|Man and Wife Win At Brooks Pharmacy Ocean State Marathon
by Gerry Beagan
November 12, 2000
Igor Osmak of the Ukraine set out with leaders of the Brooks Pharmacy Ocean State Marathon on November 12 with his mind set on the personal challenge of running against time and his competitors; but he had to also be thinking of his wife, Olga Kovpotina, who was facing an equal challenge among the elite women runners behind him.
As the inexplicable often comes to pass, they would both wear laurel wreaths at the finish, and be further bound by their singular athletic excellence on the very same day. This is how it happened.
Osmak, 35, brought impressive credentials to the race with three 2:12+ marathon finishes over the previous 18 months, and he was well aware of the depth of the men's field. There was the previous year's winner, Jacob Kirwa, of Kenya, who was just back from heavy training in his homeland, and hungry to win again and better his 2:14:54 course record. Then there were several other Kenyans who could be king.
Through the mile, at 5:04, Kibet Cherop of Kenya went to the front and took up the chore of pacemaking. Behind him there was a group of a dozen runners. In the group was Osmak, Andrey Kuznetsov of Russia, the 1998 winner of Ocean State, Kirwa, and a host of men ready to challenge for the win, the course record bonuses, and the time incentives.
The tempo increased until Cherop tugged the group behind him through four miles at 19:58, and then the pace settled at five minute miles; at seven miles, the group clocked 35 minutes flat.
Like a rubber band being stretched and released, Cherop would open his lead and then the pack would get a bit closer giving every indication that the leader was tiring. At ten miles his time was 50:34, and by halfway at 1:06:23, he had authored a pace consistent with what he had run last year through halfway. But this year, he was caught by the group and quickly left behind.
The lead group had thinned to four men: the defending champion, Kirwa, Reuben Chesang, Osmak, and Daniel Kirwa Too, a late entry from Kenya who had a best of 2:11 for the marathon. Any of the four could win.
They went through 15 miles in 1:16:07 together, but by 20 miles - passed at 1:42:03 - it was Osmak and Kirwa in the lead, as first Chesang, and then Kirwa Too, fell off the pace that was forged through the first two major hills on the back side of the course. The race was on.
As the pair went through the next two miles, it was clear Osmak was fresher, smoother, and that he was pressing the issue. Just after 23 miles, at 1:57:51, on the last uphill and the steepest downhill of the course, Osmak went for the break, and Kirwa failed to respond. The Ukrainian was clear.
He opened the gap to 11 seconds in a mile, and by 24 miles at 2:02:51, he had a 22-second lead; meanwhile, Kirwa was being shadowed by Joseph Kibor, of Kenya, who was running his first marathon. He had not used his 60:26 half-marathon speed early, as he had passed ten miles with the group, but was now 52 seconds behind the leaders at 20 miles.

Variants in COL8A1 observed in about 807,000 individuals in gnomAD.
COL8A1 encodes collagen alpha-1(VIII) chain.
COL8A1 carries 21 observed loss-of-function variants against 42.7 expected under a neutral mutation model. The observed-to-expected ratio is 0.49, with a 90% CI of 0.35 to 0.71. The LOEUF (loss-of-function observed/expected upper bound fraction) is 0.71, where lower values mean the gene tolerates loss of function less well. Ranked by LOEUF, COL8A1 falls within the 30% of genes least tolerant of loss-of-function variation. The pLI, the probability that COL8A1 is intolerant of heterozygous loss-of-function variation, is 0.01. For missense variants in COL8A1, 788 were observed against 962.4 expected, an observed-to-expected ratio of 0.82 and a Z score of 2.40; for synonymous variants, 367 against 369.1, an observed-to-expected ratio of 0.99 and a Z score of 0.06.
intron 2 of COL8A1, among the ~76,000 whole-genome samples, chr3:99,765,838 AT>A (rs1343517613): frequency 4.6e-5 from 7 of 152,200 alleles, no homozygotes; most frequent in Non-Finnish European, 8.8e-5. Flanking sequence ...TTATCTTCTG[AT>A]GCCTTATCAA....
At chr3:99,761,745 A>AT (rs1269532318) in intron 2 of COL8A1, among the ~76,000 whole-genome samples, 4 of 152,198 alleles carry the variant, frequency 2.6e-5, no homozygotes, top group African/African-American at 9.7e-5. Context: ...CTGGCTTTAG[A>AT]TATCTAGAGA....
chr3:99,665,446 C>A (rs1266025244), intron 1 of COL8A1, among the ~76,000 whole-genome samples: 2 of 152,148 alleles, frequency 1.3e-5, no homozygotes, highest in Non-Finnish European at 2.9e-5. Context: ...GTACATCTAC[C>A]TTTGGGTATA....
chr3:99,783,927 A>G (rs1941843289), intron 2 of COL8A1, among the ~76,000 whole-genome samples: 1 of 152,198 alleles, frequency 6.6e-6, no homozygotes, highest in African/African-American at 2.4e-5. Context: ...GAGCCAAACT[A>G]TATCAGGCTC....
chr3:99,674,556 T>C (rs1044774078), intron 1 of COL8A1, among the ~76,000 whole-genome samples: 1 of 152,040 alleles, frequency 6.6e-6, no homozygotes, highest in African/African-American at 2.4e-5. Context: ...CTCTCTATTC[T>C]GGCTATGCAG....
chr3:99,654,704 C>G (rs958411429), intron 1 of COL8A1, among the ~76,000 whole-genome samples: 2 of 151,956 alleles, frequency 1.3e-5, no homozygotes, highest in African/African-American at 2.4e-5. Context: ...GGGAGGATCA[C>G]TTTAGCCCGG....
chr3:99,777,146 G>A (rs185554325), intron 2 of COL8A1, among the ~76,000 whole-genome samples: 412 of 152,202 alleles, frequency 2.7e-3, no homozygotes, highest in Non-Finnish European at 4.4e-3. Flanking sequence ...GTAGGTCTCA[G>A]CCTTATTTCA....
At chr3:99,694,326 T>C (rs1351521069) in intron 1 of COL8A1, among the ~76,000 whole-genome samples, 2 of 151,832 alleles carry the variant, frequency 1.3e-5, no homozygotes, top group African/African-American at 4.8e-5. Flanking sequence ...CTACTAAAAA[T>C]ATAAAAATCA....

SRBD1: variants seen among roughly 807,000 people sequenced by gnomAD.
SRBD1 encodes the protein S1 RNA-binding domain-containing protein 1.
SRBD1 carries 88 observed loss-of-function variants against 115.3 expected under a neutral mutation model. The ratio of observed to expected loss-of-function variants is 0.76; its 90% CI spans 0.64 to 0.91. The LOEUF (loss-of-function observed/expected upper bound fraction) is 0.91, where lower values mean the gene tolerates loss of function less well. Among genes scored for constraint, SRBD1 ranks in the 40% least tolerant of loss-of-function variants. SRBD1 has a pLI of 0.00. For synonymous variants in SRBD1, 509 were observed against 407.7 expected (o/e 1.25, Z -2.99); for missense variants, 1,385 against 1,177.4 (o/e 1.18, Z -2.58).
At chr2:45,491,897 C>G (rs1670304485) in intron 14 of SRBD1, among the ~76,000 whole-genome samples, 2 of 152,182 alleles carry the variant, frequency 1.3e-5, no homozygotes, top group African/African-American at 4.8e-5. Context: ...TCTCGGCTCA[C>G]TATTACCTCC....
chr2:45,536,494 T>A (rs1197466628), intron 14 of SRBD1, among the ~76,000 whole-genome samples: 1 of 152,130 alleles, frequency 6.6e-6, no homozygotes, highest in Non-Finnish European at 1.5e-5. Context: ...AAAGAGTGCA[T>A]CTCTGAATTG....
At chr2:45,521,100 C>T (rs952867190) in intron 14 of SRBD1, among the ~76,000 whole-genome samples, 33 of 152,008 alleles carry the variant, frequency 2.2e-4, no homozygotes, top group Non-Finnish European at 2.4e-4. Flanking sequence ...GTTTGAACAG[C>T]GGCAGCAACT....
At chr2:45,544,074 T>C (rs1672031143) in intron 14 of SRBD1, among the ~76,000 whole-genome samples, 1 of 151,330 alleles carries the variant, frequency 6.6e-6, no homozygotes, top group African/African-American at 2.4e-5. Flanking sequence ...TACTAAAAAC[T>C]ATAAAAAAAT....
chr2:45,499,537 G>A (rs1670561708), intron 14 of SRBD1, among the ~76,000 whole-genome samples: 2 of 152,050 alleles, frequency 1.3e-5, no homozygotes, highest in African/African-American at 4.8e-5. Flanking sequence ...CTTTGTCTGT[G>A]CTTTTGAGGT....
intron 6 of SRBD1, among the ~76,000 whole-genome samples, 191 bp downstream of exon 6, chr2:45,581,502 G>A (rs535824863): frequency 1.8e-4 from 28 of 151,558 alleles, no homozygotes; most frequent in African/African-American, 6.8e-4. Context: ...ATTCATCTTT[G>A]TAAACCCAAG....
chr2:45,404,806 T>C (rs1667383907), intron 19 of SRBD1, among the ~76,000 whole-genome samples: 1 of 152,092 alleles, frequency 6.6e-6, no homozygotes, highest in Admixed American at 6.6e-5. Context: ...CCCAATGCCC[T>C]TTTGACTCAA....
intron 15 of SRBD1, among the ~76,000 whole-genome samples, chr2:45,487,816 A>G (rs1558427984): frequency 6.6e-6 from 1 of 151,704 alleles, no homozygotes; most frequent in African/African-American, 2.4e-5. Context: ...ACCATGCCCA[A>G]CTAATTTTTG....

Osmak passed 25 miles at 2:07:56 and blew across the finish line with a course record 2:14:24, lopping 30 seconds off Kirwa's 1999 clocking. He earned $8,000 for the victory, and an additional $3,000 for breaking the course record.
With about a half-mile to go, Kibor caught and rapidly passed Kirwa, and crossed the line at 2:15:35. Kirwa was next at 2:16:06, and then Chesang with a 2:16:19; Tomix Costa closed out the top five, with a personal best 2:16:46.
In the master division, Andrey Kuznetsov, 42, of Russia, redeemed himself after his DNF from the previous year with a 2:16:49, which earned him a $5,000 bonus for breaking the master course record, and going under the bonus time of 2:17:00.
As the men finished, the lead women were engaged in a donnybrook, as five of the favorites for the winner's spoils ran toe to toe and heel to heel.
There was Kovpotina, Alena Vinitskaya of Belarus, runner-up in both the Hartford and Columbus Marathons in October, Natalia Volguina, 23, of Russia, with a best of 2:36:20 to her credit, Alevtina Naoumova, another Russian with a best of 2:29, and Margaret Kagiri, the first Kenyan woman ever to run at Ocean State, with a best of 2:37:10 at Twin Cities in October.
The quintet had gone together from the start through three miles at 17:47, five miles at 29:39, ten miles at 59:20, and 15 miles at 1:29:15. Unlike the men, who were sorted out in the hills, the women didn't relent, and they passed through 20 miles, at 2:00:15, still welded to each other.
But at the same place, the downhill after the uphill after 23 miles, Vinitskaya went out alone in order to try to take some of the speed out of the kick of the other women who she knew were better sprinters down the stretch. The chase by the others began to quickly sort them out, and only Kovpotina had enough left to overtake Vinitskaya,
Kovpotina, 29, crossed the finish line at 2:37:53 to join her husband in the winners' circle, and claim $8,000 for first place. Vinitskaya, 27, was next at 2:38:13, with Volguina close in third at 2:38:41, Naoumova, 39, fourth at 2:39:08, to make up for not finishing in 1999, and then Kagiri at 2:39:36, rounding out the top five.
Mary Burns-Prine, 43, of San Diego, CA was first among master women, as she moved up from runner-up at 2:58:05 last year, to claim the division with a solid 2:52:40.
It was a grand day for romance, as not only did a man and wife sweep the laurels, but also a young man completed the marathon, dropped to one knee, whipped out a ring he had been carrying with him to a 3:18 finish, and proposed to his girlfriend. She accepted, and they toasted each other with champagne.